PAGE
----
The inaccuracy of cargo containers, as well as individual skids, gaylords and crates, is a major safety issue that shippers need to be aware of. Generally, freight cost is directly related to weight. It is not unusual for shippers to innocently estimate the weight of a particular shipment below the actual. For example, it is very common for shippers to calculate their shipment size from their product data and neglect to include the weight of the shipping packaging. Usually, a benign issue but multiplied by several shipments per container the bulk shipment could be significantly overweight causing unsafe trucks, ocean vessels and airplanes. The safety issues are significant; reduced braking distance for a truck, buoyancy issues for a sea going vessel and lift problems for an airplane. Most carriers have an entire department to re-weigh freight and confirm their NMFC classification to ensure a transportation vessel is safely loaded.
Danger on the Water
In this article, we're going to highlight new Ocean Container Weight Verification Requirements.There is a science to loading a container ship. The ship needs to be loaded to a certain buoyancy for maneuverability and safety. Reliance on accurately stated container weights is critical to achieve this critical balance. The new Ocean Freight Weight Verification Requirements has amended the Safety of Life at Sea Convention to require that any container has a verified weight. Responsibility of the weight declaration lies with the shipper. This requirement is effective July 1, 2016. It would be a violation to load a cargo container onto any ship without a verified weight. Here are just a couple of recent consequences of incorrectly declared container weights.
- January 2007: MSC Napoli. With more than 650 containers stowed on deck, the Napoli experienced structural failure due to an excess of 312 tons over the declared weight from 20% of the onboard containers.
- June 2011: Container ship Deneb in Algeciras. This ship suffered a significant stability incident. An investigation found that 10% of the containers had actual weights far in excess of the declared weights. The actual weight was 278 tons above that which was stated.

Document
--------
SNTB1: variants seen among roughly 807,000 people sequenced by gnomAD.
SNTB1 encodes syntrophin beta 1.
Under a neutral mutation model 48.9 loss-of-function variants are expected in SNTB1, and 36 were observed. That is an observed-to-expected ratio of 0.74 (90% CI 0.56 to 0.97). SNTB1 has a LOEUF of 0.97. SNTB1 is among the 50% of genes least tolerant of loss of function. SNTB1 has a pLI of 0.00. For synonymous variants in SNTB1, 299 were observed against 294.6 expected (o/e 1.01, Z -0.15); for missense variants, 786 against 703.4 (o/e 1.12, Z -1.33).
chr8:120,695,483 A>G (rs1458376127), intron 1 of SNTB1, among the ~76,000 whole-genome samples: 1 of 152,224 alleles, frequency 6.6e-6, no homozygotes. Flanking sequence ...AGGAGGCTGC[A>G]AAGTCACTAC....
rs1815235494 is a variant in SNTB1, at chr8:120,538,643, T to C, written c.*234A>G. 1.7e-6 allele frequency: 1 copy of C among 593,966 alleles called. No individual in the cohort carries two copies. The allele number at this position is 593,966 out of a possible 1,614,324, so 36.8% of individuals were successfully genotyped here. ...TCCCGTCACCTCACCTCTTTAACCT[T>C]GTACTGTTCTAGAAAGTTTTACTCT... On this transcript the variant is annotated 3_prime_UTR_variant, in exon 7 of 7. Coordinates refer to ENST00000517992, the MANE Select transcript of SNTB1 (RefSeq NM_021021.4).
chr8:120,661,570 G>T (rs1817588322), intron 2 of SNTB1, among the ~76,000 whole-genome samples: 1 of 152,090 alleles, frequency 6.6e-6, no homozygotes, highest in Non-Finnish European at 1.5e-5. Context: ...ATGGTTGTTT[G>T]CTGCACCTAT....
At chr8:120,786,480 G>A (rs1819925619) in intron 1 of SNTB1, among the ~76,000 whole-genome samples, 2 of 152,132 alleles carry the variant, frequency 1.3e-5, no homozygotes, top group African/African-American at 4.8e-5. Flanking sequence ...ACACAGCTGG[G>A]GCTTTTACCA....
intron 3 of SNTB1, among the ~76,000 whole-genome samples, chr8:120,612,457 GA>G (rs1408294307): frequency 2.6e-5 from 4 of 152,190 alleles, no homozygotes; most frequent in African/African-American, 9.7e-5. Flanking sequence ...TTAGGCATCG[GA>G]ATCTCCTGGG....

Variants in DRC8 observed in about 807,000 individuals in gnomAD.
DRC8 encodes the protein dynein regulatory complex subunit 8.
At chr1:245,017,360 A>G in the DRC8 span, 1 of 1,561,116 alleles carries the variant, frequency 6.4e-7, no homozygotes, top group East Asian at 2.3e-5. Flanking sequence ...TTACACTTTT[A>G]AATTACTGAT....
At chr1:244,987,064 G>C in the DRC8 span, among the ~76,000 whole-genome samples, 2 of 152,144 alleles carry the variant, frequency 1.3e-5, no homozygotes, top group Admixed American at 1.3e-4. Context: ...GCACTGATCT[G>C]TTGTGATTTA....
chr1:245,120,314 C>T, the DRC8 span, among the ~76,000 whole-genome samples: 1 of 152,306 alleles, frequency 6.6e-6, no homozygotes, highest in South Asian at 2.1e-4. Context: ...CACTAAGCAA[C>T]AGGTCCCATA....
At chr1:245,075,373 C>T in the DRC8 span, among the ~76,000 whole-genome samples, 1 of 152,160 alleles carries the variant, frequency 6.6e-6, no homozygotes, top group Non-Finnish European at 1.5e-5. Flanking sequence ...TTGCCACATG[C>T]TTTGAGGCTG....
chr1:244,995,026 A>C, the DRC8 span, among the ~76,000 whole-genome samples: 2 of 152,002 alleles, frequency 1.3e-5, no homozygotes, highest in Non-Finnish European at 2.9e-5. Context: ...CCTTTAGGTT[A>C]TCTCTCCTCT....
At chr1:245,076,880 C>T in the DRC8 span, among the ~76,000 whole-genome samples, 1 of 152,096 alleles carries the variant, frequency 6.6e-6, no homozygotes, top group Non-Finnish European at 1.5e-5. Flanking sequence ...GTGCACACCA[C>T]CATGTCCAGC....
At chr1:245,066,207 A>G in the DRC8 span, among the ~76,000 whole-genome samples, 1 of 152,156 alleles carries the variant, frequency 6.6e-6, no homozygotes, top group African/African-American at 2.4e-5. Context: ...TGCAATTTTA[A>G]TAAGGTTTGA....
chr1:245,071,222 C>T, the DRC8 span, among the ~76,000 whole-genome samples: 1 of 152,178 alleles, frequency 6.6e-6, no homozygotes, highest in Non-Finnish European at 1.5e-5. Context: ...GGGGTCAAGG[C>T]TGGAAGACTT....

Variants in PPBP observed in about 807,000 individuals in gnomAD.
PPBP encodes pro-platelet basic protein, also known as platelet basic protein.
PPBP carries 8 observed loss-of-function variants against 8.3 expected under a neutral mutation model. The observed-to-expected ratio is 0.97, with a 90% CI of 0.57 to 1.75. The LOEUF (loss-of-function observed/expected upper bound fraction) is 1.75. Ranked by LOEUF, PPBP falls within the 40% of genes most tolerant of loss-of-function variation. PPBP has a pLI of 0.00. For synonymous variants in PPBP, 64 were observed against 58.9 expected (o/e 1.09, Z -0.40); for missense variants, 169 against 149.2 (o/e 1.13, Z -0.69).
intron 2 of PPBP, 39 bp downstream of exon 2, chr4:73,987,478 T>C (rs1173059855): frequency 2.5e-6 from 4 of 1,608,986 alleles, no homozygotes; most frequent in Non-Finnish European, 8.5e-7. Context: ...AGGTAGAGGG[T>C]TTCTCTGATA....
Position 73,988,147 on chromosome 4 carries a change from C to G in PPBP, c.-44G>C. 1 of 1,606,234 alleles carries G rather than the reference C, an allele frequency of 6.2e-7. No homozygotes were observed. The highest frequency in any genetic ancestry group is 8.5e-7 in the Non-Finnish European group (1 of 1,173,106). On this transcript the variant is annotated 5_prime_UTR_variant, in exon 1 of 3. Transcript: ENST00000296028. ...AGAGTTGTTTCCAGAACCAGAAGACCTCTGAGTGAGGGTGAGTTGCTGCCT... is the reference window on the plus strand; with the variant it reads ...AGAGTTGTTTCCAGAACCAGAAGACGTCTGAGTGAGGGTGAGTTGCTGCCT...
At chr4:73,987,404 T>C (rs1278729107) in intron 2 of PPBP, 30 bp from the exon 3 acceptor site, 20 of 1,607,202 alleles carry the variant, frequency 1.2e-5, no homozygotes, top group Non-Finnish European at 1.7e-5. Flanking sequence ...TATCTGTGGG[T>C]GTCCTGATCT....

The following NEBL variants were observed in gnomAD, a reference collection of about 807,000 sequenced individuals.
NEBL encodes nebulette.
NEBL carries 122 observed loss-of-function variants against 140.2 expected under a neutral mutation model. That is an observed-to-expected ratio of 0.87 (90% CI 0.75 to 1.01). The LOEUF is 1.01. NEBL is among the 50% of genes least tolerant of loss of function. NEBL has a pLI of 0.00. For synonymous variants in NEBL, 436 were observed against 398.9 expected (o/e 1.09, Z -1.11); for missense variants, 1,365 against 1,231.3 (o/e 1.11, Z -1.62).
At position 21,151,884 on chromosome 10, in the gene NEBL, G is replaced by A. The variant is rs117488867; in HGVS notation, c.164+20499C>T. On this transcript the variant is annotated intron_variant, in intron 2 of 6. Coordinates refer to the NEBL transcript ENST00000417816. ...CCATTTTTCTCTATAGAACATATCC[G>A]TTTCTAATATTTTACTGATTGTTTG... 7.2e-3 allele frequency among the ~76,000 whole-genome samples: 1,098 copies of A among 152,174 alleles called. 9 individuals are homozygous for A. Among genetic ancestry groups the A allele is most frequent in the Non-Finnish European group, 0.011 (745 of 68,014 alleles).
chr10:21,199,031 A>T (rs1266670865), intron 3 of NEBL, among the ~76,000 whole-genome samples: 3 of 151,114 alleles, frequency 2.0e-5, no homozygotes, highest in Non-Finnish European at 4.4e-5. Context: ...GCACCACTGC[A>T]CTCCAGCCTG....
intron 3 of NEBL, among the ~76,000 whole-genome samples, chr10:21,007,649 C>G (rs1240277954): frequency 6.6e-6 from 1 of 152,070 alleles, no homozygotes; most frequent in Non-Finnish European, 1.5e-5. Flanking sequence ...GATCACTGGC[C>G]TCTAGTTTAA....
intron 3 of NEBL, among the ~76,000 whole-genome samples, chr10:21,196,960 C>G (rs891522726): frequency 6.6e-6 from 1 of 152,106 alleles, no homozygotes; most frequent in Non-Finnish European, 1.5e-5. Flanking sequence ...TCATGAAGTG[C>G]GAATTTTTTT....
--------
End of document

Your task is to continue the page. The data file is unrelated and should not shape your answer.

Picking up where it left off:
Basic Requirements of the SOLAR Amendment
Under the amendments, there are two permissible methods for weighing. The container can be weighed after it is packed. Alternately, the cargo can be weighed outside the container. Then, the dry container weight may be added to achieve a gross weight, which is indicated on the door. Estimating weight is not permitted.
The shipper, broker or third party has a responsibility to weigh the packed container or to weigh its contents. Estimating weight is not permitted. Responsibility for the weight of the container lies solely with the shipper. Carriers may rely upon a shippers weight declaration. It is not incumbent upon a carrier to verify a shippers weight declaration. For the shipper’s weight verification to be compliant with the SOLAS requirement, however, it must be signed by qualified shipping personnel.
Safety should be a primary concern of both shippers and carriers. Legislation is moving aggressively toward safety precautions and technology is making it affordable and easily implemented. The recent sinking of the cargo ship El Faro and its 33 mostly American crew members on October 1 should highlight the need for safety. Based upon satellite telephone reports from the captain, the ship had lost propulsion and in 30 foot waves took on water. It will likely never be determined if the weight of the cargo had contributed to the ships buoyancy.
Assistance with declaring shipment weight is just one of the ways in which a 3PL logistics company can help with logistics. For more reasons to hire a third party logistics provider, click the button below.